It has been studied that heat treatment (HT) methods can be used to control insect pests in flour mills by thermal analyses and temperature trend models. The results show that to achieve an air temperature above 45°C, the time period of HT should be increased by 9 h. In thermal bridges, the surface temperatures should be lethal to insects and be capable of dropping sensible heat flux loss with the help of insulating materials [3].

It was observed that lablab bean (Lablab purpureus) faces major losses due to insect pests in spite of heavy dependence on conventional insecticides. It was managed by testing biorational insecticides as substitutes for conventional insecticides to control pod borers (Maruca vitrata) and aphids (Aphis craccivora) [4].

It has been stated that the important life-sustaining actions of phytopathogenic fungi, parasitic nematode, and phytophagous insects are the preeminent constraining variables of agricultural production organizations [5].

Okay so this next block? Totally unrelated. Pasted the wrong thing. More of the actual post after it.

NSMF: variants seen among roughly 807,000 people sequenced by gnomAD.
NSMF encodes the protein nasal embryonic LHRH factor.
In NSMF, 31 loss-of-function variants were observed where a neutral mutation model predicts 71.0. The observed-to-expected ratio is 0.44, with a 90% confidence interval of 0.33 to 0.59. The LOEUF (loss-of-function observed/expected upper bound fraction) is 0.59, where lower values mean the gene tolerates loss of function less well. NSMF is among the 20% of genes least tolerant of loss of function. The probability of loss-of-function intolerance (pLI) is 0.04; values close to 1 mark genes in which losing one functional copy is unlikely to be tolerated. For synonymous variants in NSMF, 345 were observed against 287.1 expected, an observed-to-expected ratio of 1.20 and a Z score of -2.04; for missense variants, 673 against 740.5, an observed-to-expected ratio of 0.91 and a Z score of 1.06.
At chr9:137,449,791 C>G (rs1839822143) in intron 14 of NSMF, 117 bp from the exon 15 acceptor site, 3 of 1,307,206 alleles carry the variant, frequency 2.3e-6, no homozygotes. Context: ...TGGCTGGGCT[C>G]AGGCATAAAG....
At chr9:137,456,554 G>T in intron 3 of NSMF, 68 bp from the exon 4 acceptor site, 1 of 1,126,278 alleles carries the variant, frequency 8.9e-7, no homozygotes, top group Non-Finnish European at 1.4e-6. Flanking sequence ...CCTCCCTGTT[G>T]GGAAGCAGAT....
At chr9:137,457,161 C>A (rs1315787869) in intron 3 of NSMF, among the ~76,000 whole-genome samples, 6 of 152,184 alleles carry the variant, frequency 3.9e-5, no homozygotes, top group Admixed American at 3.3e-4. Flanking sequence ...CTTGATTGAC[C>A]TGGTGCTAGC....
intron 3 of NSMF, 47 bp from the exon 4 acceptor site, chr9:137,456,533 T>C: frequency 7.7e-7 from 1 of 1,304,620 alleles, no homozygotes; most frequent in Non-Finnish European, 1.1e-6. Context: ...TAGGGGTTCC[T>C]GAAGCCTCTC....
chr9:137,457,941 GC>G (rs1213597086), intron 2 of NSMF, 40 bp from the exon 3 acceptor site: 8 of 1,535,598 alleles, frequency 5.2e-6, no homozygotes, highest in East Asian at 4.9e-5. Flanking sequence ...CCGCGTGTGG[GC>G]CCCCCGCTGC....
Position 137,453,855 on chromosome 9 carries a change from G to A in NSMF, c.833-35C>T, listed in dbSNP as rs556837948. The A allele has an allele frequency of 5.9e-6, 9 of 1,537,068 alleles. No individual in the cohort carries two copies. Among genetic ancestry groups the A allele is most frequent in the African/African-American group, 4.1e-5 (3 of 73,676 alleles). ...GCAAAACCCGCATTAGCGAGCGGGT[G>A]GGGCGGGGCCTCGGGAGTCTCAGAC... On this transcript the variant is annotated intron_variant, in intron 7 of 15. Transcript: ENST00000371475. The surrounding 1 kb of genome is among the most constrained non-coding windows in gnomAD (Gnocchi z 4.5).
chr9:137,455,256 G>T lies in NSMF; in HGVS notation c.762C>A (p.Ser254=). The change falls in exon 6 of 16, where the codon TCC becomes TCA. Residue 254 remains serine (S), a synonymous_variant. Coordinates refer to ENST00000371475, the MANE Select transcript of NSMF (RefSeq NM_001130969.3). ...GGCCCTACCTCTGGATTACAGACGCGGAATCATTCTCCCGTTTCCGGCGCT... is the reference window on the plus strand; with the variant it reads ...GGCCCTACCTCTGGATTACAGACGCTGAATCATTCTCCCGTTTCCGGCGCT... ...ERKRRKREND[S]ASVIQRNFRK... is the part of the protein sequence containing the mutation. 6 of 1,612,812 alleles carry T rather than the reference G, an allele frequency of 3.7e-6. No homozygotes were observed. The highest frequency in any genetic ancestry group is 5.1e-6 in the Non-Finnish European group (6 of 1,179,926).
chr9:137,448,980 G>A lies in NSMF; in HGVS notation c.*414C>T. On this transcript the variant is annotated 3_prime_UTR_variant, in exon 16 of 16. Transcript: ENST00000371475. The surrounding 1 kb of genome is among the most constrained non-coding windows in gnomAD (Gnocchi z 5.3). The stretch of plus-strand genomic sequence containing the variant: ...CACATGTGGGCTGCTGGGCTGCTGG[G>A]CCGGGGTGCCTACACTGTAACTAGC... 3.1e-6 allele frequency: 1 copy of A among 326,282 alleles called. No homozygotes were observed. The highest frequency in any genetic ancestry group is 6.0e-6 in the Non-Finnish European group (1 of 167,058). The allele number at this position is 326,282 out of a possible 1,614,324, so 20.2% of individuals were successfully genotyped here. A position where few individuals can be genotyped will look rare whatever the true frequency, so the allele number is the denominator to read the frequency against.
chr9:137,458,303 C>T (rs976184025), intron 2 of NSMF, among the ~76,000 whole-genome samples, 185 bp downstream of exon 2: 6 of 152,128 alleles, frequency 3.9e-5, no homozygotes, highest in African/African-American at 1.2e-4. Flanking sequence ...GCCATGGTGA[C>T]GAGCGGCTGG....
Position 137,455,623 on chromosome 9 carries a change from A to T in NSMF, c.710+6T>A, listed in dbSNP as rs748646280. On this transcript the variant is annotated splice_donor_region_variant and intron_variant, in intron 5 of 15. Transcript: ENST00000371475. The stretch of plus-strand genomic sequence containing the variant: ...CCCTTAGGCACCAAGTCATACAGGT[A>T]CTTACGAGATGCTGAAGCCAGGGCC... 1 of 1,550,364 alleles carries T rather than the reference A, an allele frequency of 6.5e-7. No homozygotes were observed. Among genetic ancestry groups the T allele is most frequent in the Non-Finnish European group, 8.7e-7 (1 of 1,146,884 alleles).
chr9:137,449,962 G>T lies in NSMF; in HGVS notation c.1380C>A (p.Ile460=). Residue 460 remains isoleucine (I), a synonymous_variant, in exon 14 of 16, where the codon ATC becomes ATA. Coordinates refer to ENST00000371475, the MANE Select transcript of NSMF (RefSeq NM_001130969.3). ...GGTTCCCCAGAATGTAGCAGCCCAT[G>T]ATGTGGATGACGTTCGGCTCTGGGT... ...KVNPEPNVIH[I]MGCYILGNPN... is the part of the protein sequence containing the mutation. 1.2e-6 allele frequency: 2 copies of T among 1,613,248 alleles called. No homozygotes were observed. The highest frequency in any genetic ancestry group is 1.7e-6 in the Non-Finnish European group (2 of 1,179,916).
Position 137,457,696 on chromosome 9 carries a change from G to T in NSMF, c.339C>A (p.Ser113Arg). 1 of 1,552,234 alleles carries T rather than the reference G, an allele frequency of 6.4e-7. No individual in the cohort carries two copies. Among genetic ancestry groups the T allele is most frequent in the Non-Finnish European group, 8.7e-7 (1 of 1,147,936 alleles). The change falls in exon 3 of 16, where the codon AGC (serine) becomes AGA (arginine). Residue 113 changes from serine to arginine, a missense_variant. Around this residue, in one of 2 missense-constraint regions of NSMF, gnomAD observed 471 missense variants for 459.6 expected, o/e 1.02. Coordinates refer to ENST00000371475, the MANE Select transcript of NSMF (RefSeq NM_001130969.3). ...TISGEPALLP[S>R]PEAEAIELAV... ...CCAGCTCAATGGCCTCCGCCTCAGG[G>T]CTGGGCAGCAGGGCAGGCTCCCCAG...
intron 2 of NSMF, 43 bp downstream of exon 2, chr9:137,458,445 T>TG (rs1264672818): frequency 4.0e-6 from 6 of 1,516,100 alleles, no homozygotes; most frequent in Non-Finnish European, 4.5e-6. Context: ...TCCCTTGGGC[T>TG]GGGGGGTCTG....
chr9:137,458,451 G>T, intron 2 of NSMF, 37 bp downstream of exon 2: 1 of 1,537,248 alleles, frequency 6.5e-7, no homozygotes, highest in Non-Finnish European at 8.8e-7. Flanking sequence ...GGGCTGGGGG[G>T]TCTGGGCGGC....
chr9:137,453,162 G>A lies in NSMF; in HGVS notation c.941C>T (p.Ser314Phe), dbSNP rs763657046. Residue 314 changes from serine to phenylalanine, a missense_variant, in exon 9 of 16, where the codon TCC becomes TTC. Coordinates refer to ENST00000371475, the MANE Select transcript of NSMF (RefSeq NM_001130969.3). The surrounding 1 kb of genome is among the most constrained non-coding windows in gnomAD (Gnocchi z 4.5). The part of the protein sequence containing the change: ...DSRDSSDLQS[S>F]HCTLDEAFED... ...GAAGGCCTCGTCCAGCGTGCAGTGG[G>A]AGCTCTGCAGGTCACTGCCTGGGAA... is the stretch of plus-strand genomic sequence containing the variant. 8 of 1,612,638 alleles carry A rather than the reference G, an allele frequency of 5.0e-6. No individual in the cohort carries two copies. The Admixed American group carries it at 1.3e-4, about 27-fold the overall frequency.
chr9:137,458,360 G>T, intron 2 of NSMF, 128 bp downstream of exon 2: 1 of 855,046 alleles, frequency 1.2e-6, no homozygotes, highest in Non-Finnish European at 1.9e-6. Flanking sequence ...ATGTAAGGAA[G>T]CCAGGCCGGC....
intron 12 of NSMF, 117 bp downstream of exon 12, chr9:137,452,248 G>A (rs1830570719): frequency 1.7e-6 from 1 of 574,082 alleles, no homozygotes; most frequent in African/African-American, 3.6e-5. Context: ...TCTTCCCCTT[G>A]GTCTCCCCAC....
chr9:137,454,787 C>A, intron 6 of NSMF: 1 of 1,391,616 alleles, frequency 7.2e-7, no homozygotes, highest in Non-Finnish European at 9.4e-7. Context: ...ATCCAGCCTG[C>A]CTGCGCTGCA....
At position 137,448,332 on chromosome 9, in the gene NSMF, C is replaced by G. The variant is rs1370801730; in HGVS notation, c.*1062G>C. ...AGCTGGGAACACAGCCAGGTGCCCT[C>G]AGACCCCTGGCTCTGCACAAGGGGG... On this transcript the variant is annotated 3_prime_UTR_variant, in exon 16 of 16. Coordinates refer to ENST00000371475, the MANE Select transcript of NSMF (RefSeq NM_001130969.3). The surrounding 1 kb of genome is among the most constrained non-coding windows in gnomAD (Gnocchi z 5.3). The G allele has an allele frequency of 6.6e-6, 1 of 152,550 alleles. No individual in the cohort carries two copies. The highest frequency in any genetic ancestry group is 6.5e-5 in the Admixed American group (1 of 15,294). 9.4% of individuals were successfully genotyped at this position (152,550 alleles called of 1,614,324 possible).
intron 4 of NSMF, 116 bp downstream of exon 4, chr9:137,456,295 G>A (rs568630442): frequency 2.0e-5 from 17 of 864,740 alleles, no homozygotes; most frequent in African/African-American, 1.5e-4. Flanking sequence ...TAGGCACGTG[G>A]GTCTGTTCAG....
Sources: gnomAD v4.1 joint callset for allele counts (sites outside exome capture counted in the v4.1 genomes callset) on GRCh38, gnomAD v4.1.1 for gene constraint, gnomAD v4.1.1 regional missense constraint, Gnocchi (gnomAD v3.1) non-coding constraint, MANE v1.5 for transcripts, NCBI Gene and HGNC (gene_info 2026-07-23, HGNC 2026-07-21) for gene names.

It has been stated that integrated pest management (IPM) is broadly stimulated among the European Union (EU) member states. The effectiveness of natural enemies for pest control is low as compared with insecticides, especially under high pest damage levels. Farmers with greater income have more financial flexibility to adopt either pest control method. The environment surrounding a farm may also influence its owner’s willingness to promote natural pest control [6].

It has been investigated that crop damage can be minimized by using vertebrates which could consume numerous crop pests [7].

It has been studied that to obtain healthy crop as well as high yield, the control of pest attack is a significant feature in agriculture. The growth of awareness level is supposed to be relational to density of the healthy pests in the crop field. Global sources like televisions, radio, etc. can enhance the awareness level. The basic reproduction number represents the existence and the stability criteria of the equilibria. The Hopf-bifurcation analysis was done at the endemic equilibrium by considering time delay as the bifurcation parameter. The analytical results were justified by numerical simulations [8].

This overview provides a valuable insight to various stakeholders in the food chain on how food handlers and companies perceive pest control [9].